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  • Writer's pictureZenho Chad Bennett

The Integral Posture of Meditation

“You should not be tilted sideways, backwards, or forwards. You should be sitting straight up as if you were supporting the sky with your head… It is a perfect expression of your Buddha nature. If you want true understanding of Buddhism, you should practice this way. When you have this posture, you have the right state of mind, so there is no need to try to attain some special state.”- Suzuki Roshi, Zen Mind, Beginner’s Mind

The Zen tradition is peppered with instructions for the sitting posture going all the way back to the Buddha. Dogen called correct posture of “primary importance” and Daichi Sokei more eloquently wrote, “If someone should ask you what true Zen is, you don’t need to open your mouth. Instead demonstrate the aspects of zazen posture. Then, spring breezes will gently coax the marvelous flowers of the plum tree to blossom”.

The Buddha gave very simple posture instruction- sit cross-legged with a straight back. But here is something to consider; unless we directly know what correct posture is through trial and error and our own felt experience, it is unlikely that we’ve found it. It doesn’t usually just happen. Think of it like your relationship to enlightenment; better to be humble and open to a surprising insight than to assume a posture of stubbornness or arrogance!

One major integral addition we could consider since the days of traditional Buddhism is that before we became so highly cognitively, emotionally and technologically developed, we mostly sat on the earth in everyday life. We had a strong sense of the “down” and it was uncomfortable to sit out of alignment so most people would easily, even unconsciously, exhibit a straight, relaxed back. Since then, we’ve seen 2-3 major evolutionary shifts in ego development which means much more “up” complexity to consider in the body-mind. Many of the pathologies in the “up” of higher development pull us away from the earth which, in shorthand, we call “disembodiment”. Awareness of posture, especially revisiting the “down” can help mitigate and integrate these pathologies as we experience pure awareness as fully embodied.

It is not only true that, as Suzuki Roshi wrote “when you have this posture, you have the right state of mind” as an expression of enlightenment, but your posture can teach you much about where you are not living your enlightenment in all stages of your development. One major advantage of straightening and relaxing your spine through a felt sense is that when experimenting with your posture you can find habit energy contractions in your body and release them up the spine, or out the lower half of your body, much more efficiently. If you are unwittingly sitting the same way each time you practice zazen, you are likely covering your developmental vulnerabilities; a gentle but continuous practice of lengthening, feeling and relaxing your spine will assist in breaking the rehearsal of these unconscious patterns of your ego activity.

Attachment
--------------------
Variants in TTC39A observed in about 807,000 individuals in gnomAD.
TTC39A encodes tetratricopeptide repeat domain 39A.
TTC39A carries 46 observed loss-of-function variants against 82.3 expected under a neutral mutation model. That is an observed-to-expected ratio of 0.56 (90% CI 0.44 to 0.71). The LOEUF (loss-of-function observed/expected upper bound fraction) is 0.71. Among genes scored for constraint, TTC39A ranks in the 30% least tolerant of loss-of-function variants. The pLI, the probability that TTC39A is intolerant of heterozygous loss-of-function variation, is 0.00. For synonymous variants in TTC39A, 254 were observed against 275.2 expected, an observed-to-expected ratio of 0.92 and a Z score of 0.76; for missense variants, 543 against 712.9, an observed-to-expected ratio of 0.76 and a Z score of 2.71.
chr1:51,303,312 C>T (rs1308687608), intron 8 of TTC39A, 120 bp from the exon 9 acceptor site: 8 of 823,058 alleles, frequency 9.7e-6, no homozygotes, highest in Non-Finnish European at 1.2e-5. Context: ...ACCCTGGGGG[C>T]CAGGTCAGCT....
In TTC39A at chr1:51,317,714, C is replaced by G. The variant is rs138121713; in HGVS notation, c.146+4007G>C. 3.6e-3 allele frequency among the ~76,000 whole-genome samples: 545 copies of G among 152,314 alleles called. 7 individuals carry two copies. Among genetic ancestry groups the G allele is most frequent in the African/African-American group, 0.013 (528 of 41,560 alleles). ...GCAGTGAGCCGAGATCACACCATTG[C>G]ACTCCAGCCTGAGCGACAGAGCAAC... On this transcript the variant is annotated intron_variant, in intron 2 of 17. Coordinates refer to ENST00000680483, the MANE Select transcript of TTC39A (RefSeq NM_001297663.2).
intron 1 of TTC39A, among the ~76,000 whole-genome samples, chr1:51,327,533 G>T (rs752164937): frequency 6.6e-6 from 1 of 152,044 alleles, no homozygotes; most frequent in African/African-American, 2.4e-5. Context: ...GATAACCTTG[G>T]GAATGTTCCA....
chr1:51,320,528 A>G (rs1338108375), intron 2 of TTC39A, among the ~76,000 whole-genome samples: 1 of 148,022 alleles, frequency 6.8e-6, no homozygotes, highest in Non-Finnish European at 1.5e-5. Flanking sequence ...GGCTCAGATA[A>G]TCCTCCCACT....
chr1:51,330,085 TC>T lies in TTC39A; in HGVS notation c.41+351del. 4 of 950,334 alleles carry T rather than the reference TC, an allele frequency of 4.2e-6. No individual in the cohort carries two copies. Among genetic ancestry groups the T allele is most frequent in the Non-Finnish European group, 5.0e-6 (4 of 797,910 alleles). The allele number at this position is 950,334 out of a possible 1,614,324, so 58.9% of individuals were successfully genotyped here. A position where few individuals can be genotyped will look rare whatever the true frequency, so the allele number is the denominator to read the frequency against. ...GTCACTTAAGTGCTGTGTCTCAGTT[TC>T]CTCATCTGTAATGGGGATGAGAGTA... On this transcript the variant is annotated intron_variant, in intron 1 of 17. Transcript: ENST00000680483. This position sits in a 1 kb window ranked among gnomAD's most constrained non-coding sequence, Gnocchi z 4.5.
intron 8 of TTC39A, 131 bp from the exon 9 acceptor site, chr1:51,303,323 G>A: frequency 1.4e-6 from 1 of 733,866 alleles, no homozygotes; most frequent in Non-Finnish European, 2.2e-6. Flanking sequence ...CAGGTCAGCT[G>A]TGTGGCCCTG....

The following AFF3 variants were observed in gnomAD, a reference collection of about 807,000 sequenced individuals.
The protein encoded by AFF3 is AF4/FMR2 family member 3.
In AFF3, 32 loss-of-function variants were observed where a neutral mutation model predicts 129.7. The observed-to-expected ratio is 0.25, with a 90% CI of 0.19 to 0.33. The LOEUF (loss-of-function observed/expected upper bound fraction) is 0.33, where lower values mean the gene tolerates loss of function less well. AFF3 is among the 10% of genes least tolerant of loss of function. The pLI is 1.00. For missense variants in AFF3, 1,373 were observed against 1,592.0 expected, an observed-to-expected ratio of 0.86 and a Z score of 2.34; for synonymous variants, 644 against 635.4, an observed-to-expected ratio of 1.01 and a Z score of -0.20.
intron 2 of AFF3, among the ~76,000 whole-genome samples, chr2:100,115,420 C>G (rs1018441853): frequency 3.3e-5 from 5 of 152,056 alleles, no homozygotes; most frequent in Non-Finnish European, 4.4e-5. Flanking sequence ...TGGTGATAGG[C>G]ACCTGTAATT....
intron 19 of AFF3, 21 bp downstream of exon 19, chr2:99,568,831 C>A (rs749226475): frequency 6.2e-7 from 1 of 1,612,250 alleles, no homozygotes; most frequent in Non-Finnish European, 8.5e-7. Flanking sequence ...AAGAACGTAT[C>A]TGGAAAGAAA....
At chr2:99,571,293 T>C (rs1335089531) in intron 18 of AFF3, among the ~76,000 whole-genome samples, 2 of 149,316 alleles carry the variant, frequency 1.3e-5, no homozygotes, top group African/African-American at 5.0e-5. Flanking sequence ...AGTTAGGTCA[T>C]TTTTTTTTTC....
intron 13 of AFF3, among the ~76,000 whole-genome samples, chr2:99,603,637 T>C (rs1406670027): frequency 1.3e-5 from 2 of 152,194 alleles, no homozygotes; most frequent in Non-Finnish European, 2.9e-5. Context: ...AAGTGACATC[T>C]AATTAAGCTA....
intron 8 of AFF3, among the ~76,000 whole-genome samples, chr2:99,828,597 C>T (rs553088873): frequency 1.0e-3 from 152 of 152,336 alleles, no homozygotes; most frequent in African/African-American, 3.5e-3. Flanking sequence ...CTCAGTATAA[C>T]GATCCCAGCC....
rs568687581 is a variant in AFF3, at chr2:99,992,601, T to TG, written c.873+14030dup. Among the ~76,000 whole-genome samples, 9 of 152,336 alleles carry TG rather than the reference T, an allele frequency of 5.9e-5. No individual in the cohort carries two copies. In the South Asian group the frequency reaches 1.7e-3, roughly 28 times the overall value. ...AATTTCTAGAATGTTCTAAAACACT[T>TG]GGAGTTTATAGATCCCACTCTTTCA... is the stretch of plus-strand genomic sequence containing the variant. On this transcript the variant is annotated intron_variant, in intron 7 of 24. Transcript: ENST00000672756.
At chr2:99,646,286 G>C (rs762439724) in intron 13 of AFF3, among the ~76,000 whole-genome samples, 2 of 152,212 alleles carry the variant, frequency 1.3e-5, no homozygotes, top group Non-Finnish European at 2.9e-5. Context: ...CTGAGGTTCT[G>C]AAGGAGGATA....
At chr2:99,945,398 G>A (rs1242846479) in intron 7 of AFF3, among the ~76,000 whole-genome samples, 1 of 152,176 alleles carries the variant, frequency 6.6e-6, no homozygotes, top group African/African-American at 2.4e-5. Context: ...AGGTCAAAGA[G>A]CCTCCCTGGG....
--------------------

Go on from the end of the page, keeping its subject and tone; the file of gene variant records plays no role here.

Here’s an example. Recently, I noticed an almost undetectable rounding in a student’s spine directly behind her heart. As far as she was concerned she was sitting with a “straight back” and she was experiencing no discomfort. I directed her to find more length in the vertebrae I was touching behind her heart and in her initial response she reported awkwardness, vulnerability, and a “do not go zone”. A day later she’d processed intense hidden grief followed by joy from releasing it. A good posture will sometimes not initially please us but it will feel correct and subtly accurate.

Here is a link to a “yoga for sitting” protocol which I recommend practicing before the first sit of everyday: It which was gifted to our lineage by the remarkable transmission based hatha yoga master, Sofia Diaz. Sofia has tremendous regard for the Zen tradition and has noted that in the modern and postmodern technological world, embodiment is not optional. And she directs attention to our habit energy which tends to reveal itself in the front of our bodies and can be transmuted by lengthening and relaxing our spines directly behind those areas of tension.

Resources informing this article and highly recommended for further study:

Sofia Diaz, Real Yoga video series found online on Integral Life.

Will Johnson, The Posture of Meditation.

Suzuki Roshi, Zen Mind, Beginner’s Mind

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